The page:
Actually, about these characters at the end: 開発機, these are Kanji symbols right? I’m curious if it is possible to say the same or similar thing using Hiragana or Katakana symbols? I think Kanji is sometimes more compact, but I prefer the flowing look of the other style of characters, especially in graphic design. So that would be my preference for the other translated phrases too… Is that a dumb request? I don’t know the language well enough.
Ok, I took a swing at it, still would be interested it if I could Hiragana or Katakana symbols for “development machine” but I think that might be asking a lot? Probably a lot of characters, because they are phonetic?
Also, can I put japanese text vertical on the spine like this:
It’s different than the english website text that is there, but I thought it would be cool, if they were stood up on the edge to show it this way. Also thought about rotating the english characters to be vertical too…
Would like to get the input of a Japanese person to see if I am trying too hard with this, or what would be ok?
You forgot to mention @BlueMax.
He may also be able to help if he is available.
As I’ve recently found out, Google translate can’t even manage French correctly. :P
Yes, those are Kanji. My usual dictionary doesn’t have a word recorded for that combination though.
A quick crash course on the three writing systems:
Kanji (漢字) literally means “Chinese characters”.
Each kanji symbol is a pictogram with a different meaning which can be chained together with other kanji or with hiragana to create words.
The same kanji aren’t always pronounced the same, there’s two different readings (“on” and “kun” readings) for every kanji.
Hiragana (ひらがな) is the system closest to the English concept of letters in the way that the symbols are chained together to make new words and the readings of any kanji can be expressed with hiragana.
Each hiragana character represents a single specific sound, thus making it a syllabary system.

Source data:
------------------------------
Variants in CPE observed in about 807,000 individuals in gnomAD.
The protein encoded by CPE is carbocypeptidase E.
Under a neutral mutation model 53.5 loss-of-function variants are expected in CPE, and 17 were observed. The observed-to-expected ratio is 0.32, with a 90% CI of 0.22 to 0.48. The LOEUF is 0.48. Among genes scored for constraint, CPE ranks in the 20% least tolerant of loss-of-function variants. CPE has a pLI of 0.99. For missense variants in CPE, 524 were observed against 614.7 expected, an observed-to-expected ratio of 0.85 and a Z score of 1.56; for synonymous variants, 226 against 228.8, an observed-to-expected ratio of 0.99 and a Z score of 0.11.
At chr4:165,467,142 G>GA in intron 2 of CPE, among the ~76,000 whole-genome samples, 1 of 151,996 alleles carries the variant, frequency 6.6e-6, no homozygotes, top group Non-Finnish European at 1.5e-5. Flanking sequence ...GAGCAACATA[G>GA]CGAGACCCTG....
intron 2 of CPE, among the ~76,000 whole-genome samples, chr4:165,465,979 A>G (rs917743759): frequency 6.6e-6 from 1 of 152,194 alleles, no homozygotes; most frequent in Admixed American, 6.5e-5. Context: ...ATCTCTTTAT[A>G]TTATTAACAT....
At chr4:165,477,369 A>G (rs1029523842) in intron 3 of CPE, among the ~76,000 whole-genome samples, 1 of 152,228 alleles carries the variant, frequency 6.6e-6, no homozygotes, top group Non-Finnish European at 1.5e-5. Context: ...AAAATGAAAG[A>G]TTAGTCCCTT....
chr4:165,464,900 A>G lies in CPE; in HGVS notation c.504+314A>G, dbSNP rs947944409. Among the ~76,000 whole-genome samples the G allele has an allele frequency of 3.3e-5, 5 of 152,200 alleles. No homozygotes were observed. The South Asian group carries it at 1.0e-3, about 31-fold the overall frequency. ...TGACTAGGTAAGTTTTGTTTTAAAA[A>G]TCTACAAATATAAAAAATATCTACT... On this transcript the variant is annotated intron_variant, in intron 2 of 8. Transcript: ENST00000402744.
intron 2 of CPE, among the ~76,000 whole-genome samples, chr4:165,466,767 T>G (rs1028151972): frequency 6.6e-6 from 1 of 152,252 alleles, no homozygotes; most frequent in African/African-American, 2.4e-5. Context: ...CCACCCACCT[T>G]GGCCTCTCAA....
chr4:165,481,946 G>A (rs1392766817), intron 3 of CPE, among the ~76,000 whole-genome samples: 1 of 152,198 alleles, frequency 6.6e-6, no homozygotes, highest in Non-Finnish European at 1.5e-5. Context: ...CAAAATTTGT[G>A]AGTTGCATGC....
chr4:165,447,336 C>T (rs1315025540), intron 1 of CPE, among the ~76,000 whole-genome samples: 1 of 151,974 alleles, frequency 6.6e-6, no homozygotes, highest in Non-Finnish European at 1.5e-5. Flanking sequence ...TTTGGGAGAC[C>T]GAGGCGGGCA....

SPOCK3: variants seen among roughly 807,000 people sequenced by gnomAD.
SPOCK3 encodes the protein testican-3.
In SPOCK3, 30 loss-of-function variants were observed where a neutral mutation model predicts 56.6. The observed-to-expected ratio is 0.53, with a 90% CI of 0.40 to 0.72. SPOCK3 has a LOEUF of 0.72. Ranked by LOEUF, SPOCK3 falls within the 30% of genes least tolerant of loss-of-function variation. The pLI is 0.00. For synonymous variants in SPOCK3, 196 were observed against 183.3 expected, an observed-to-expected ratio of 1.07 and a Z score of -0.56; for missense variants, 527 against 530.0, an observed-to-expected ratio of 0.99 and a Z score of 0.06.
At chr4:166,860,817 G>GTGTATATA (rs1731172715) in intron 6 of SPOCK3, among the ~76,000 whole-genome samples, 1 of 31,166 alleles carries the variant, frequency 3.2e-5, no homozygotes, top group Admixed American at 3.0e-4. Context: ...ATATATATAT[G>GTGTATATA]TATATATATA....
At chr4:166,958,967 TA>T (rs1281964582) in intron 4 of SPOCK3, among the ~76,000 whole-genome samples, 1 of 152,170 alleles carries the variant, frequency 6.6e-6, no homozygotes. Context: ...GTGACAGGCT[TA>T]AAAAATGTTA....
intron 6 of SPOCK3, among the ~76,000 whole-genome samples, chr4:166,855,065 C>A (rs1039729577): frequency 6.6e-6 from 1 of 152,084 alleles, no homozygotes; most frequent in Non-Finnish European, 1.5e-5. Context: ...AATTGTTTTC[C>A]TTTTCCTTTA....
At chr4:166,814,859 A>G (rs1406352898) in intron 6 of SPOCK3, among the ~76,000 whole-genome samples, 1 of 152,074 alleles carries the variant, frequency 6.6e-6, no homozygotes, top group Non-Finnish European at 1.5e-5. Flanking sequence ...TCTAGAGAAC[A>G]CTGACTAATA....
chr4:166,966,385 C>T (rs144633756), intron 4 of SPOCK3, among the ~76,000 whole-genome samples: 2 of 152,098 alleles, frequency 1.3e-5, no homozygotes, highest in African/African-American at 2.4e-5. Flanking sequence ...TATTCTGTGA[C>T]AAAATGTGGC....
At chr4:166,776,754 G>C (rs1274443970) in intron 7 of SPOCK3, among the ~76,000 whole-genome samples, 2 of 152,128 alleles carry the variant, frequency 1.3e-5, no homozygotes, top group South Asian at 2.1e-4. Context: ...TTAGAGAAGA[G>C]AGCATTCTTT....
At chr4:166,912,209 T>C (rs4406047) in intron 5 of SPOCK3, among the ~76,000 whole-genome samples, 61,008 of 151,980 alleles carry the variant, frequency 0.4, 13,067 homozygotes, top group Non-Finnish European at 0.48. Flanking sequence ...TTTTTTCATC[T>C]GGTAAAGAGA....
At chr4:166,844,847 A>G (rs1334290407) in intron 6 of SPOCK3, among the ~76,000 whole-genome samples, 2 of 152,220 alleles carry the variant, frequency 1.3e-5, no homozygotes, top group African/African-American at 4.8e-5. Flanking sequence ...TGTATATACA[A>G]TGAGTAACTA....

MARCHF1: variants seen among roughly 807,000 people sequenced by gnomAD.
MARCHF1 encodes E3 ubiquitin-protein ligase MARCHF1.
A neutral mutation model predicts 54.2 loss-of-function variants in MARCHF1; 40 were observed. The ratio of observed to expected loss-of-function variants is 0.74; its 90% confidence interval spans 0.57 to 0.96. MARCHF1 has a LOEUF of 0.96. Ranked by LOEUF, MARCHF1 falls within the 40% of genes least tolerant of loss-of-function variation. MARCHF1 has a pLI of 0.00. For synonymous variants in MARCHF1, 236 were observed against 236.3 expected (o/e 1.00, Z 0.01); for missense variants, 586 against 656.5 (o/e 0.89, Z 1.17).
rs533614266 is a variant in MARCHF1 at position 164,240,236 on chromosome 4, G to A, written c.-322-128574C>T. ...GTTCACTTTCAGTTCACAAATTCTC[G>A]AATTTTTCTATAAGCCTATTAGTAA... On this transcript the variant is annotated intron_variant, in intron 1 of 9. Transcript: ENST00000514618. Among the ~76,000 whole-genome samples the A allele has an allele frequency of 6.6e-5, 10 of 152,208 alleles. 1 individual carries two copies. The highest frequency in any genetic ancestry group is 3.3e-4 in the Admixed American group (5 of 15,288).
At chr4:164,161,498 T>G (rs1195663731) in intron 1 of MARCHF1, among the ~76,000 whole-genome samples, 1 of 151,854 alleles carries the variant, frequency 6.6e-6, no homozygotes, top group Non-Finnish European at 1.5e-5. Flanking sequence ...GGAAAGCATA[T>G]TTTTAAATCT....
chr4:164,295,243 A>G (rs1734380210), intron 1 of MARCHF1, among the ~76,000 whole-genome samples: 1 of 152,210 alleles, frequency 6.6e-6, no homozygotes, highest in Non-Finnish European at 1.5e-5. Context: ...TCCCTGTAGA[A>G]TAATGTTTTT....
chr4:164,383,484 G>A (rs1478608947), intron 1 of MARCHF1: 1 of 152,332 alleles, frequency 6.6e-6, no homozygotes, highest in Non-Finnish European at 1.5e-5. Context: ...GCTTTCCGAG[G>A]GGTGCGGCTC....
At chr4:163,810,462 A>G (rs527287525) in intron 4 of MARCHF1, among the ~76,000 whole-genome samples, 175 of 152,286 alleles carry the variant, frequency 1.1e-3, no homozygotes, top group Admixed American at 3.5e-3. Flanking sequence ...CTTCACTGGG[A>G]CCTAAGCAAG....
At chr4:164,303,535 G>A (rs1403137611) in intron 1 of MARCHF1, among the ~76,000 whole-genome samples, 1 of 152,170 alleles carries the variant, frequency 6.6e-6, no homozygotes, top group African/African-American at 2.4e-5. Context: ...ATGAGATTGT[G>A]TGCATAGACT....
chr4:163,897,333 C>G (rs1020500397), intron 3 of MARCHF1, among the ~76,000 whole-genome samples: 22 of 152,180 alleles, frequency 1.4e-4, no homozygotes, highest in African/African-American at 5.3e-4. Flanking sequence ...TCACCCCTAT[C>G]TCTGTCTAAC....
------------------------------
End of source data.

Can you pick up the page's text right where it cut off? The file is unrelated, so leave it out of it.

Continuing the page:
When transliterated into English via the romaji romanisation system, almost every hiragana character begins with a consonant and ends in a vowel, with an exception of five that are only vowels and one that’s a consonant.
Hiragana was actually developed from kanji,
Katakana (カタカナ) is also a syllabary system, and it has a 1:1 relationship with hiragana - every hiragana character has an equivalent katakana character that makes the same sound.
The difference is that katakana is typically reserved for loan words or foreign concepts.
There’s also a load of interesting history behind each system but I’ll save that story for another day to avoid boring people any further. :P
“Flash Memory” on its own is フラッシュメモリ,
made up of フラッシュ “Flash” and メモリ “Memory”.
These are both loan words, so they’re pronounced more or less the same as the English terms.
An easy but somewhat cheating solution would be to also transliterate “expansion” into katakana as エクスパンション.
(There may need to be a “ッ” in there somewhere, I’m not entirely sure.)
FX can be written in English letters, but you may want to add ruby text over top of it to indicate the pronunciation.
Arduboy is actually quite difficult to express in Katakana because the ‘dyu’ sound doesn’t actually appear naturally in Japanese.
My IME expresses it as アルヂュボイ, but I’d be interested to know what a native’s opinion on the matter would be.
I think this is an odd phrase to be trying to translate in the first place.
What about プログラム可能なゲーム機?
(“Programmable game console”.)
Or even プログラム可能な8ビットゲームのゲーム機.